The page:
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Juno is the latest seating system by James Irvine for Arper. With Juno, plastic chair has come of age. Cast in a single form, it has fluid lines and a light profile: in silhouette, weight and impact. It enjoys all the benefits of simplicity and uniformity but with a clever twist. Juno brings efficiency and customization together in unique combination. Compared to other single-shot molded plastic chairs, Juno features an extremely varied range of configurations: this singular, simple shape available in five colors with closed or open back and arm rests can also be customized with sleek upholstered seat and back rests. Made for both residential and contract use, indoors and out, Juno is available in 4 forms: solid back and open back, both with and without arm rests. All forms are available in 5 colors: white, sand, anthracite, orange, yellow. Seat and back rests can be finished in upholstered pads. All variations are stackable to allow for large-scale use and storage. Red Dot Product Design Award, Germania 2013 iF Product Design Award, Germania 2013 Winner of Design Guild Mark ADI Design Index 2013 German Interior Innovation Award 2014 Designed by James Irvine in collaboration with Arper, Juno is a sleek and minimal chair compatible with home, office and outdoor environments. For 2014, Arper will begin fabrication of this contemporary design in a new plastic that has been fortified by fiberglass, lending a sturdiness to its clean form. A newly engineered linking system makes Juno ideal for stacking and stowing. Juno’s alluring silhouette is available with optional armrests and open or closed backrests.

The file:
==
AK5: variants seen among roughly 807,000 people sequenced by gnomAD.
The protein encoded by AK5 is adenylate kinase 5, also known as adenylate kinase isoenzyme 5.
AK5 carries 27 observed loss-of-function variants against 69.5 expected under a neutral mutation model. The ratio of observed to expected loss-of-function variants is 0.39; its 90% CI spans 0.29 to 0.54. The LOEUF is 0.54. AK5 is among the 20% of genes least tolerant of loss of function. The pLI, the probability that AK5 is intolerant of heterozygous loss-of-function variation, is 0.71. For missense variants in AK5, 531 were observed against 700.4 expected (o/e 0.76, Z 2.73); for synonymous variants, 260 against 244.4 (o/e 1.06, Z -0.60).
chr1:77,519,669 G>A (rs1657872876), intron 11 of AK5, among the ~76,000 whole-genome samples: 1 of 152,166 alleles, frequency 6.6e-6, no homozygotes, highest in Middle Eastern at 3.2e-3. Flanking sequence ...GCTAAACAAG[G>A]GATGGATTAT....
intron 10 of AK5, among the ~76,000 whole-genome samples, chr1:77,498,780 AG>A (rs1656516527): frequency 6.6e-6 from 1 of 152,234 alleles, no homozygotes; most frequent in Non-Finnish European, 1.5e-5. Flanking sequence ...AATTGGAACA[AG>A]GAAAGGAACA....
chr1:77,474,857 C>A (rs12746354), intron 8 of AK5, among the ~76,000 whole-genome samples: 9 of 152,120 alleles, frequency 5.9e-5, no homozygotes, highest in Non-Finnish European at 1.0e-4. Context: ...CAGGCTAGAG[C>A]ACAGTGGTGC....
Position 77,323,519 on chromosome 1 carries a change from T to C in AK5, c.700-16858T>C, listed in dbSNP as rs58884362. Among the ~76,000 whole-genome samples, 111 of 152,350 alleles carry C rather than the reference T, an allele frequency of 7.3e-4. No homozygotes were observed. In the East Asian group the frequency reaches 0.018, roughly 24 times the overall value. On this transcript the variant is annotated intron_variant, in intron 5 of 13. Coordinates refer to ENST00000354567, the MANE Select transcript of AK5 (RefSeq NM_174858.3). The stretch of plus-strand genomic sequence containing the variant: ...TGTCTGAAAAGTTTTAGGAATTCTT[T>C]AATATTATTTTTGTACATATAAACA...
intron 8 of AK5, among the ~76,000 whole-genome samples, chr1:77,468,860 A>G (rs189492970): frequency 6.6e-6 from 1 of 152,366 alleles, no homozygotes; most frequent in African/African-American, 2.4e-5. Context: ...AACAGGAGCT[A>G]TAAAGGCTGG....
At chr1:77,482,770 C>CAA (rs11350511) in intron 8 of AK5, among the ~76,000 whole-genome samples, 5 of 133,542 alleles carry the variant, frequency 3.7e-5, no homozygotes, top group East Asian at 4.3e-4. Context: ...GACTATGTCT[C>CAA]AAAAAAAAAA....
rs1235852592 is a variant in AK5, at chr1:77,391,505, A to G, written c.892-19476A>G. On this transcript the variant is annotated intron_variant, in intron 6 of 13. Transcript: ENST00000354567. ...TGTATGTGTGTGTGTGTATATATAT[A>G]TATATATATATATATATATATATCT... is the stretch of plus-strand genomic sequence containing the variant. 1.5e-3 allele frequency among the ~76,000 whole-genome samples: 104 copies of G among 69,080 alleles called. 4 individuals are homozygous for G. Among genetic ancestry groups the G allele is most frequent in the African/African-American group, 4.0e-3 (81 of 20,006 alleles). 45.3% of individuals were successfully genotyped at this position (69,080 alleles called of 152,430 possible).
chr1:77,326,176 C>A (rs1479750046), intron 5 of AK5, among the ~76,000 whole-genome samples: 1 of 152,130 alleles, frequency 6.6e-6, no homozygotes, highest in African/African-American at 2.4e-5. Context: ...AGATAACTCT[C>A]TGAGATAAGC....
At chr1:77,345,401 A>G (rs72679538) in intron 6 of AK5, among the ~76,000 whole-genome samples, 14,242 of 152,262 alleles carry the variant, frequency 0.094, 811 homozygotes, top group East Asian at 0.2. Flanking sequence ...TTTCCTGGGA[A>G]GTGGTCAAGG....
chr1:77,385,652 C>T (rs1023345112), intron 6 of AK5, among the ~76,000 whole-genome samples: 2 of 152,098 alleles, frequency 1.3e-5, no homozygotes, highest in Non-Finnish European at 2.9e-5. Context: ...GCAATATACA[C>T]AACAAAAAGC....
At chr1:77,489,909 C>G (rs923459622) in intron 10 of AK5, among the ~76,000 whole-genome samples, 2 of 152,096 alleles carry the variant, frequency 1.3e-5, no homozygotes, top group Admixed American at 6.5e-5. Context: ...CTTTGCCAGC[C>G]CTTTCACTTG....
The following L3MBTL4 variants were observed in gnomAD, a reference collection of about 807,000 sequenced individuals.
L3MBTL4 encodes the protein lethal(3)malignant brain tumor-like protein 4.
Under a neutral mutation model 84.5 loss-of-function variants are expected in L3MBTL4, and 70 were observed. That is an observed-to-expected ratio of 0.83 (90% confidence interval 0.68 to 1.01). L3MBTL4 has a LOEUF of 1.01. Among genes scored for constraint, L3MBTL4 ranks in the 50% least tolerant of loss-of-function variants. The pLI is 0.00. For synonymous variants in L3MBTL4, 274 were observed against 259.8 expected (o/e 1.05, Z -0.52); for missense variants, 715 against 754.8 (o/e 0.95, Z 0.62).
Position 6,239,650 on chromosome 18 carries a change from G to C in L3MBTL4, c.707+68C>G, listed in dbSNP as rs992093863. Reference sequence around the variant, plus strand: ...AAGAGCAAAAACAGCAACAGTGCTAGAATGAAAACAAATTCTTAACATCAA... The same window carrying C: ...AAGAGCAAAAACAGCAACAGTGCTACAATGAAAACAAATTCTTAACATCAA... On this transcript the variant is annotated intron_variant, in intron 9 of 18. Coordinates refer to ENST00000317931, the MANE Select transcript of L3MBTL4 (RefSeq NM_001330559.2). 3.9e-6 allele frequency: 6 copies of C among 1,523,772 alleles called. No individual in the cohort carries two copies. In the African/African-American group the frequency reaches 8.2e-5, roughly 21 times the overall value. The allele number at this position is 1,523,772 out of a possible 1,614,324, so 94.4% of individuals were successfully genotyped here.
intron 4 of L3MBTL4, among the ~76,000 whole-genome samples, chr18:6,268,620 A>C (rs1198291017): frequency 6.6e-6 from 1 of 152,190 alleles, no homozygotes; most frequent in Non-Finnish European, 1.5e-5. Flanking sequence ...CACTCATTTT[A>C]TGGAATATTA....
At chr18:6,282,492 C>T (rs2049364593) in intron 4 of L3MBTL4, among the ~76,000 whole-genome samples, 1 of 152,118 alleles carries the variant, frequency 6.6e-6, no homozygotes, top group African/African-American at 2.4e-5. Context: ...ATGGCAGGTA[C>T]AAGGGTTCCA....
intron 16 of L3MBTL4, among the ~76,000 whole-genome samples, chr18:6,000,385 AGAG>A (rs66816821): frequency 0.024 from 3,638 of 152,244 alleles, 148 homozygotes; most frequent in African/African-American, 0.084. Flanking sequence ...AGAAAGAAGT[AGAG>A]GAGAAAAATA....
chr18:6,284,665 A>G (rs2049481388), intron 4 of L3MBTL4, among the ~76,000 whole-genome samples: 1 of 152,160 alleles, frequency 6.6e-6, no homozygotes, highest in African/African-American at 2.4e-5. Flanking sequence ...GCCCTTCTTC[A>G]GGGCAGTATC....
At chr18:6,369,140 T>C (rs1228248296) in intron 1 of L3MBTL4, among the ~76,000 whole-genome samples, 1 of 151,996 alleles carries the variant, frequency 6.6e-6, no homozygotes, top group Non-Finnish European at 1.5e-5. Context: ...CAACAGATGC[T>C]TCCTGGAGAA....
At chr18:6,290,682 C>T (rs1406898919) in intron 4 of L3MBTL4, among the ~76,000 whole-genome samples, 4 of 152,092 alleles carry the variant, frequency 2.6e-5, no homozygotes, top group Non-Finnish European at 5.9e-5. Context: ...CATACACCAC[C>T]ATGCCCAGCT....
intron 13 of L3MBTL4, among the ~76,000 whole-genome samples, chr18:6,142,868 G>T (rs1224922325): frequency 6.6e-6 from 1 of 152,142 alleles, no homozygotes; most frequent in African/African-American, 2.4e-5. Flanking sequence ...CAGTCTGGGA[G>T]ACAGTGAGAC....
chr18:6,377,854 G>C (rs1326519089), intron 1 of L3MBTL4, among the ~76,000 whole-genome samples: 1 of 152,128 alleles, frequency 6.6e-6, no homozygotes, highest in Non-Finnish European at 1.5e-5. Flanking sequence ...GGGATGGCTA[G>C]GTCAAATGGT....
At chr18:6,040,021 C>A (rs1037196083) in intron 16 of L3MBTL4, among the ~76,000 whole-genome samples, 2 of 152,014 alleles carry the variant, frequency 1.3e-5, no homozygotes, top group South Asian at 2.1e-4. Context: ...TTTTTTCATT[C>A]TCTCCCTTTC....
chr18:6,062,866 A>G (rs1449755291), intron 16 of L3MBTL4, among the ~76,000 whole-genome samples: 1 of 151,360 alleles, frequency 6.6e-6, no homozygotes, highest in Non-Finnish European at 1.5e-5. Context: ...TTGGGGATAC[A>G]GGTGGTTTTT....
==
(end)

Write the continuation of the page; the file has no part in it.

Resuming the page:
Born in London, James Irvine graduated from the Royal College of Art London in 1984. That same year he moved to Milan, Italy to begin his practice as a design consultant for Olivetti. In 1987, he worked at the Toshiba Design Centre in Tokyo. At this time, he began his own design practice in Milan. From 1993 to 1999, he was a partner of Sottsass Associati Milan responsible for industrial design. His studio in Milan has worked with numerous internationally renowned companies. Distinguished visually by a geometric formalism, Irvine describes his practice as ultimately guided by a concern for the end user, an independent spirit and attention to the quality of life. In 2004, Irvine was elected RDI (Royal Designer for Industry) by the Royal Society of Arts in London. After James’ sudden death in 2013, the thirty-year history of his office evolved into a new phase, in which the three key words are precision, irony and generosity. Precision in design, irony in communication, generosity in art directorships. Studio Irvine, now as in the past, is always ready to take up new challenges.